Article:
Belfast Telegraph

Joining the police force in Northern Ireland? Only the toughest need apply

The chief constable was too blunt, but it's true that not everyone is cut out to be a cop, says Fionola Meredith

'Dry your eyes, do the job or move on." PSNI Chief Constable George Hamilton's tweet sounded bad, didn't it? Put up or shut up, he seemed to be telling beleaguered police officers. No nonsense. Stop whinging. Get over yourself. Man up.

After a loud outcry about his comments, which Mark Lindsay of the Police Federation described as "nothing short of monstrous", Mr Hamilton apologised. He said he was "hugely proud of the officers and staff who go out and serve the public every day".

The Chief Constable was right to say sorry. As he acknowledged himself, such important and sensitive issues are best not dealt with in the 140 characters of a tweet. To do so trivialises and undermines Mr Hamilton's own status as a prime enforcer of the law. It's also dismissive of serious concerns within a vital service where money is short, morale is low and stress is high.

But George Hamilton wasn't entirely wrong. What he said was intemperate, but it certainly wasn't monstrous. It may have come out crudely, but the truth is that the job of a police officer - especially in Northern Ireland - does indeed require exceptional resilience, and not everyone is up to it.

These men and women have to see and do things that would make the rest of us reel with horror. This week on the BBC Nolan Show, some of them spoke powerfully about the suffering they have endured.

Writing on Facebook, an anonymous Lisburn and Castlereagh officer described how difficult it is to deal with the aftermath of car accidents, teenage suicides, rapes, cot deaths. Then, of course, there is the ever-present risk of attack by so-called dissident republicans, or the possibility of getting injured in a riot.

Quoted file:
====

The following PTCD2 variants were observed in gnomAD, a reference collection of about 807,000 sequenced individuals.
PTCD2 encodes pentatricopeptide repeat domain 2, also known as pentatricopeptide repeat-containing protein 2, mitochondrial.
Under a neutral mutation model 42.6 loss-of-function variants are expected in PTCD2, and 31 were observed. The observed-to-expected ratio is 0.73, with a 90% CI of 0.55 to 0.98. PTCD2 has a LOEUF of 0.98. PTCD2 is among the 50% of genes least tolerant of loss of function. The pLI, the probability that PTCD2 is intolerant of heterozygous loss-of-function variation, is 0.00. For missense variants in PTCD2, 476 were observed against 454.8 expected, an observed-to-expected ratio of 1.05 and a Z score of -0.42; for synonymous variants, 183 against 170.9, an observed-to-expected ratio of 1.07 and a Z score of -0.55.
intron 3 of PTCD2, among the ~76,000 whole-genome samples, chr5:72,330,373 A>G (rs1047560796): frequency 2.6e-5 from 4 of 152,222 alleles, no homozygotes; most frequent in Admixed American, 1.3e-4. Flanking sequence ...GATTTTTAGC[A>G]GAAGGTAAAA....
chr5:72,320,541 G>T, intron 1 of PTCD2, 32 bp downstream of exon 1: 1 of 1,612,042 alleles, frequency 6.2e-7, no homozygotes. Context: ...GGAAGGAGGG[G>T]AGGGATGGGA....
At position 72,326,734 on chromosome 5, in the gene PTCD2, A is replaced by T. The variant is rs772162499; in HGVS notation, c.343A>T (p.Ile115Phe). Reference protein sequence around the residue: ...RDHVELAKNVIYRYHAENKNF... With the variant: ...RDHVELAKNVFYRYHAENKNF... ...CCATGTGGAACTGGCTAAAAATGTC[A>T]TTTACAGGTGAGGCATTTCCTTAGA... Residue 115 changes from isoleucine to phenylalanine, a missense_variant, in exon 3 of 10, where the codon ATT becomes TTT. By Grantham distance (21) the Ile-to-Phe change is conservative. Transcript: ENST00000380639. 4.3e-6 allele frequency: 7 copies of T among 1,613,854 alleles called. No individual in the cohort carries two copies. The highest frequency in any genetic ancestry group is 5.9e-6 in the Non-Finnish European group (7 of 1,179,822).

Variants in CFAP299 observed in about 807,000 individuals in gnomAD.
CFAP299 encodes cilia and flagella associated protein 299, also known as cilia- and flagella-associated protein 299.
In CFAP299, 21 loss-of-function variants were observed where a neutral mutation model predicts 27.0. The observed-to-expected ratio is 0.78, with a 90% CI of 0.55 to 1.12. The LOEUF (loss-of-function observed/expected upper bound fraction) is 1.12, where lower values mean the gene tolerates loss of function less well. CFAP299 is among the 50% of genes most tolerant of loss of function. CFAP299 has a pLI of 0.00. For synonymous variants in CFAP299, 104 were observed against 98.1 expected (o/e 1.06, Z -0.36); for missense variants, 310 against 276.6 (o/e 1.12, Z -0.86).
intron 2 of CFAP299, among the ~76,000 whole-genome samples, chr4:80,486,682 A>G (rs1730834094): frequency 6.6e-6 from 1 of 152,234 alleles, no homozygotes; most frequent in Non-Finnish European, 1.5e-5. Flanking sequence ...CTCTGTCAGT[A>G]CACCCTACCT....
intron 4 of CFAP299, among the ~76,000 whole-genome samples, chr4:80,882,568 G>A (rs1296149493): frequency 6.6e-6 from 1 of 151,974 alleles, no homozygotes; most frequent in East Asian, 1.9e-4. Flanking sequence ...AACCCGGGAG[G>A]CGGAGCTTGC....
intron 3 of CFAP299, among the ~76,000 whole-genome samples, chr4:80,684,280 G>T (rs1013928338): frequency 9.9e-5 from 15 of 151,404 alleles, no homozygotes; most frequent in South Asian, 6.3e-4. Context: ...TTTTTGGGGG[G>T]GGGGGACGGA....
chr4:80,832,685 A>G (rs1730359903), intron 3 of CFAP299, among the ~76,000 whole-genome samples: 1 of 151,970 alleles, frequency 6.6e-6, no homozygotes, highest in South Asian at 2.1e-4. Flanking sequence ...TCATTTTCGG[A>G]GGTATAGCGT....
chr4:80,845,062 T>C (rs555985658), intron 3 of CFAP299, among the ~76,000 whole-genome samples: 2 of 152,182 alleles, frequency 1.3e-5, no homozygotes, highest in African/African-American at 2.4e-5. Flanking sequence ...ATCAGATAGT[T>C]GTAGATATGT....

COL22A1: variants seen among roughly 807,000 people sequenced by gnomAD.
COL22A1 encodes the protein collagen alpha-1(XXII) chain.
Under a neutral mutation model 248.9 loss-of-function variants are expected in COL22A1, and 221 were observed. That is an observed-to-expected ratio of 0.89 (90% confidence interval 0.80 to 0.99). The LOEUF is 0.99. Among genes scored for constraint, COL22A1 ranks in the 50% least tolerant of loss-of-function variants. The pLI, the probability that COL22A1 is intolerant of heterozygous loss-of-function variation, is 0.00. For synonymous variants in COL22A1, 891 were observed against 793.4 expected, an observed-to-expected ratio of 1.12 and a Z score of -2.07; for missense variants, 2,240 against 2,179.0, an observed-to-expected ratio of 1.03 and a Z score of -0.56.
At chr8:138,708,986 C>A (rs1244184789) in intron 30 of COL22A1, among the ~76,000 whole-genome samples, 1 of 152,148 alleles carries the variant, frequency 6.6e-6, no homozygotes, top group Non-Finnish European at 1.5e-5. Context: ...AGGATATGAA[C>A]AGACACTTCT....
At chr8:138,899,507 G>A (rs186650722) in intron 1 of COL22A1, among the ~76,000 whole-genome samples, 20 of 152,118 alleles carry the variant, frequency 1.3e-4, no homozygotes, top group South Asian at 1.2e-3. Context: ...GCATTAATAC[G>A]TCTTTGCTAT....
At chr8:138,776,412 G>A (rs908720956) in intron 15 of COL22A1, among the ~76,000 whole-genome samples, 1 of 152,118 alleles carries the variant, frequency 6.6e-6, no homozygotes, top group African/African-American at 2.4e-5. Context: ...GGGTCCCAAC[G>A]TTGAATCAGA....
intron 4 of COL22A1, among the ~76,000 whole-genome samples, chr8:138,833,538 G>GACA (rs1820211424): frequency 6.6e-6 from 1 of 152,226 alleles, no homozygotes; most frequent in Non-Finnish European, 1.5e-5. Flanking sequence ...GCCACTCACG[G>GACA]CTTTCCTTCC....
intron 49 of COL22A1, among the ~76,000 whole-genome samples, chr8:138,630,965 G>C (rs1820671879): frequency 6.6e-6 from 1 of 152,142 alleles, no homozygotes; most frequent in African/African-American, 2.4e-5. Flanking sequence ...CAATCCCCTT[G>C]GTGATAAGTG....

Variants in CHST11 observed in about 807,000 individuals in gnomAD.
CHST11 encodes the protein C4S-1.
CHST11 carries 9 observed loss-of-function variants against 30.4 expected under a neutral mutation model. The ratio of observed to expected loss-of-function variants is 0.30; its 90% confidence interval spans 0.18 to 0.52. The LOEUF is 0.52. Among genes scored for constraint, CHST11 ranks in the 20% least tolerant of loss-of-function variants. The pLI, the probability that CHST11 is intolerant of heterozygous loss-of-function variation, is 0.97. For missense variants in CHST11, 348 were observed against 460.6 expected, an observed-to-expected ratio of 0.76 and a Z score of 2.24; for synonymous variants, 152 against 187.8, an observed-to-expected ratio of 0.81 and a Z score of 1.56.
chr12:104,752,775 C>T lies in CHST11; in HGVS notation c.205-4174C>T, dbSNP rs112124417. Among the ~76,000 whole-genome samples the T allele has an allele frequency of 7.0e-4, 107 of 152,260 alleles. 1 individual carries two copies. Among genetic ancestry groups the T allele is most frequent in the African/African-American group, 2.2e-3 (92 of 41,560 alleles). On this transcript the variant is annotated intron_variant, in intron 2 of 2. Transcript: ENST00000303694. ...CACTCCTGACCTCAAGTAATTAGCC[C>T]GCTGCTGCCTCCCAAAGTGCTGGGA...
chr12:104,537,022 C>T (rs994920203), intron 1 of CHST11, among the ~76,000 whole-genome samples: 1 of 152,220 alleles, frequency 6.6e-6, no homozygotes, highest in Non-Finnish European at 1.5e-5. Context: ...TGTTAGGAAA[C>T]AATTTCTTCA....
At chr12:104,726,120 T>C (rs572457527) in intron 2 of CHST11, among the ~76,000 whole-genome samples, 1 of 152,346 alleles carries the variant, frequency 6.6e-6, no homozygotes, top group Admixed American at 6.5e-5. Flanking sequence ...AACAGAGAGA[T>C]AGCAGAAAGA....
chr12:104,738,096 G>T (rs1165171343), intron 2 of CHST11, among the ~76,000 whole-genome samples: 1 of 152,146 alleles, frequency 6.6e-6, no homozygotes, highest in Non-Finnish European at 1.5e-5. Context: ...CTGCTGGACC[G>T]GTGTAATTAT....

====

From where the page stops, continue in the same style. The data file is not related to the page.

Honestly, I don't know how they do it. I couldn't.

While it's vital that the institution provides the support that frontline staff need, both formally and informally, the bottom line is that they have to be tough enough to do the job. They have to be able to fend off bottle-wielding thugs, or to look a grieving wife in the eye, or pull a dead child out of a wrecked car, and not be physically or emotionally incapacitated, unable to keep going. Somehow, they must assimilate the experience and continue. Otherwise, it's not the job for them.

Demanding as their current role is, today's cops do not have to endure what previous generations went through in the Troubles. Yet at that time, when murders were everyday occurrences, and police officers had to pick up body parts after bomb explosions, the idea of personal stress was rarely mentioned.

A study of serving RUC officers during the 1980s found that "stress is not a feature of their talk about the paramilitary threat", and "the occupational therapy unit is not valued highly among ordinary policemen and women because it is seen to be where the 'weirdos' go".

It's a sign of great progress that officers enduring depression and PTSD are no longer routinely dismissed as 'weirdos'. That intensely macho culture, reinforced by the violent extremes of the time, has been largely transformed, and there should be no shame in seeking treatment for these debilitating conditions.

But what's also developed in the intervening years is a new culture of emotional vulnerability, which, as the sociologist Chris Gilligan has observed, encourages people to give public expression to their emotions. To make sense of their experience primarily through how it makes them feel. "The spread of therapy culture in Northern Ireland is a product of the peace process", he wrote, back in 2005. "As the conflict recedes into the past but debates about its impact on individuals continue, so individuals - even police officers - can claim to be stressed and disorientated".

Today, the emotional temperature is even higher. Feelings of anxiety and uncertainty among the general public are rife. And because police officers are part of wider society, human beings with flaws and frailties like the rest of us, we shouldn't be surprised that they are speaking out about the personal toll that their job takes on them.

The thing is, too much emphasis on psychological frailty doesn't actually help people. It limits them. It tells them that they are weak and powerless, and that they can't manage without constant support.

Nobody wants to go back to the macho days of the stiff upper lip and ruthlessly repressed emotions.

But there's a lot to be said for the old idea of personal fortitude: the inner strength to carry on, no matter what.

Belfast Telegraph


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